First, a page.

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The major companies in the field include: Royal Caribbean Cruise Line, Carnival Corporation, and Star Cruises/NCL.
Cruise brands take great care when it comes to their reputations because customers believe a brand name implies a certain standard of cruise.
Branding is essential for garnering new business, encouraging repeat customers, creating brand recognition, defining the company’s approach to operations and marketing, and most importantly, establishing customer loyalty.
Cruises have a variety of fixed costs, such as fuel, port administration, and customs.
To increase profits, the cruise operators seek to reduce these costs without adversely affecting quality. Larger companies can negotiate for such items as fuel and consumables much more easily than smaller companies. Through negotiations, costs can be effectively reduced, often by quite a bit.
Traditionally, cruise companies relied on travel agents to help them book cruises.
Cruise operators rely on printed brochures to sell their cruises.
Brochures are carefully designed to encourage advance booking, through such strategies as making off-season prices look dramatically lower than their on-season counterparts, and promising discounts for booking early.
Travel agents who specialize in arranging cruises often form strong alliances with cruise companies, who frequently support “their agents” through training, sales events, and customized marketing materials.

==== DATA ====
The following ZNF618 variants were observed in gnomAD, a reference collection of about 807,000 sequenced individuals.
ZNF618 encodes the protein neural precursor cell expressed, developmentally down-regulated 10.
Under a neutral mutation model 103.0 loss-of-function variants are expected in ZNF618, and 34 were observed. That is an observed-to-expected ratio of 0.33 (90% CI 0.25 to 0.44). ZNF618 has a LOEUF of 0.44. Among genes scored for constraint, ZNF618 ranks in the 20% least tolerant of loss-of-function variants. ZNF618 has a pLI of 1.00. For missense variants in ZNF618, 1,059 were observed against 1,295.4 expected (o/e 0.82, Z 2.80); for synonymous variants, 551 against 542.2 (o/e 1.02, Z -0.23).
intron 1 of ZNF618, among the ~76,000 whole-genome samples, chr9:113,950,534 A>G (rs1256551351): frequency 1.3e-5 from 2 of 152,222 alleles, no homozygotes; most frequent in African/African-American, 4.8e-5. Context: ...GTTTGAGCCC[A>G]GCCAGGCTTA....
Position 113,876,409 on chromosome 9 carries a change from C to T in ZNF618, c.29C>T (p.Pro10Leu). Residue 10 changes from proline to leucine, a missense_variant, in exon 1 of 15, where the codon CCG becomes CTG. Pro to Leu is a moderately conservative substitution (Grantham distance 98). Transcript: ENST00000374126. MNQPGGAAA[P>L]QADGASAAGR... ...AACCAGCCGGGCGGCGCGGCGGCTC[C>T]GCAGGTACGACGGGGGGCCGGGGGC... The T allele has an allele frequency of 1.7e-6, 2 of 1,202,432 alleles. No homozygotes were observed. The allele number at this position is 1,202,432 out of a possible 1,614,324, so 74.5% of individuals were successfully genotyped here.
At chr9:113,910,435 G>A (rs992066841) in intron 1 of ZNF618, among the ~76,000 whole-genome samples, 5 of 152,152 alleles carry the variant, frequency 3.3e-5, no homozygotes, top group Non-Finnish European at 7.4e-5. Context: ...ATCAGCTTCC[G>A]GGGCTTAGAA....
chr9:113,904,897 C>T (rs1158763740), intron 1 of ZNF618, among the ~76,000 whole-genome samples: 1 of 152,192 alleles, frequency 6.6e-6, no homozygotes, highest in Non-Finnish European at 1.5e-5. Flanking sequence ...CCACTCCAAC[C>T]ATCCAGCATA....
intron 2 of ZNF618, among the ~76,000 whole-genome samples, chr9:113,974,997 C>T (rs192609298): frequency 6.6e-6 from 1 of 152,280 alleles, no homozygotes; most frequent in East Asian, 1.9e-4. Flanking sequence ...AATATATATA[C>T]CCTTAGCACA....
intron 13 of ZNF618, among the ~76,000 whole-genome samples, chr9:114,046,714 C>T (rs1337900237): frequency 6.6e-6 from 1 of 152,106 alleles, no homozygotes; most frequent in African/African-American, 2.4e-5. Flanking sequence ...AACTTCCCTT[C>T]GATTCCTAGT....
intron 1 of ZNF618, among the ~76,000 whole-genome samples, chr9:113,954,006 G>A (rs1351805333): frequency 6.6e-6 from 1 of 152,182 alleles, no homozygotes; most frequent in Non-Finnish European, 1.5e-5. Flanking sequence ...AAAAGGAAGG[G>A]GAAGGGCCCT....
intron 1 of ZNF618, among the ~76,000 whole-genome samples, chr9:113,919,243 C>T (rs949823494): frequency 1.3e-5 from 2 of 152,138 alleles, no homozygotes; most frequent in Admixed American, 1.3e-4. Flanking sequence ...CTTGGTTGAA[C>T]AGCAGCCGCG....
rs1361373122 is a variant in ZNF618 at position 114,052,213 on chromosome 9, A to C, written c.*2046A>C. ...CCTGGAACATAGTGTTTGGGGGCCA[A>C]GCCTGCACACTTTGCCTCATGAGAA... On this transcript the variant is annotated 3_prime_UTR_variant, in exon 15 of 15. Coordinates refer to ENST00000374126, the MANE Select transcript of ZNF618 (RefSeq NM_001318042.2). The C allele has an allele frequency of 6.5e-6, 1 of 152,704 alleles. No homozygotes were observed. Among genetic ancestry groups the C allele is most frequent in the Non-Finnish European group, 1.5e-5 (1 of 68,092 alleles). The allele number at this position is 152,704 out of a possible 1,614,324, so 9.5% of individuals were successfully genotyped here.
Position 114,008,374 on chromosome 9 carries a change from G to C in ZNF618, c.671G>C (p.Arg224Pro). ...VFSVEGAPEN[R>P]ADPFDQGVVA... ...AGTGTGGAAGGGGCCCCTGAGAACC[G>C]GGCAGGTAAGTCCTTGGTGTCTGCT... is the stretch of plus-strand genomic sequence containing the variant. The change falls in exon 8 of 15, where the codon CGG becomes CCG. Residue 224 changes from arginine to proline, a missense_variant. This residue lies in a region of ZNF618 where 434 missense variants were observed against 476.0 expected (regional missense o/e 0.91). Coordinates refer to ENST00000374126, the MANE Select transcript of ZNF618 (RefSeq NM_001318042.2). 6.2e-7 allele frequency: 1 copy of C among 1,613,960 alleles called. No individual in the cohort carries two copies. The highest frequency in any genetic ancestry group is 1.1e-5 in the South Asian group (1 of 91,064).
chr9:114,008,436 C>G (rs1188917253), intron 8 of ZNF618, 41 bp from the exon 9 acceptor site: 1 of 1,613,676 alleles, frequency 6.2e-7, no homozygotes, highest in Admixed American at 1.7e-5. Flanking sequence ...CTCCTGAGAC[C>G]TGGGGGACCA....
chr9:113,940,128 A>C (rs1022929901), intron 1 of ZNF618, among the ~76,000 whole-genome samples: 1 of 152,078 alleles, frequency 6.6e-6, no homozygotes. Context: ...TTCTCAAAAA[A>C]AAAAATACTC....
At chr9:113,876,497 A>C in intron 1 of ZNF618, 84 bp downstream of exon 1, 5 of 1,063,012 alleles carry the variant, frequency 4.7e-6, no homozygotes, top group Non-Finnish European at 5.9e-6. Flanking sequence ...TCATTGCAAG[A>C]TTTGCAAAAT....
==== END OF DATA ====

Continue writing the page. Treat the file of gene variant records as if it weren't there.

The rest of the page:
Cruise operators may decide to form alliances with other vacation service providers in order to create a more attractive package, or to create additional reasons for customer loyalty.
Cruise lines have different methods for tipping: several choose to enact a “no-tipping” policy; others provide a helpful brochure which suggests tipping in a very formulaic and orderly system, while some automatically levy a daily service charge.
Planning food and beverage supplies for an entire cruise ship relies on analyzing prior consumption patterns, planning menus for different types of passengers, forecasting needed quantities, and identifying expected changes to routine.
Onboard diseases, such as the norovirus, tend to garner a lot of media attention, but they are in no way the only threats. Security is also a significant concern, especially because cruises have recently begun marketing themselves as a very secure vacation option.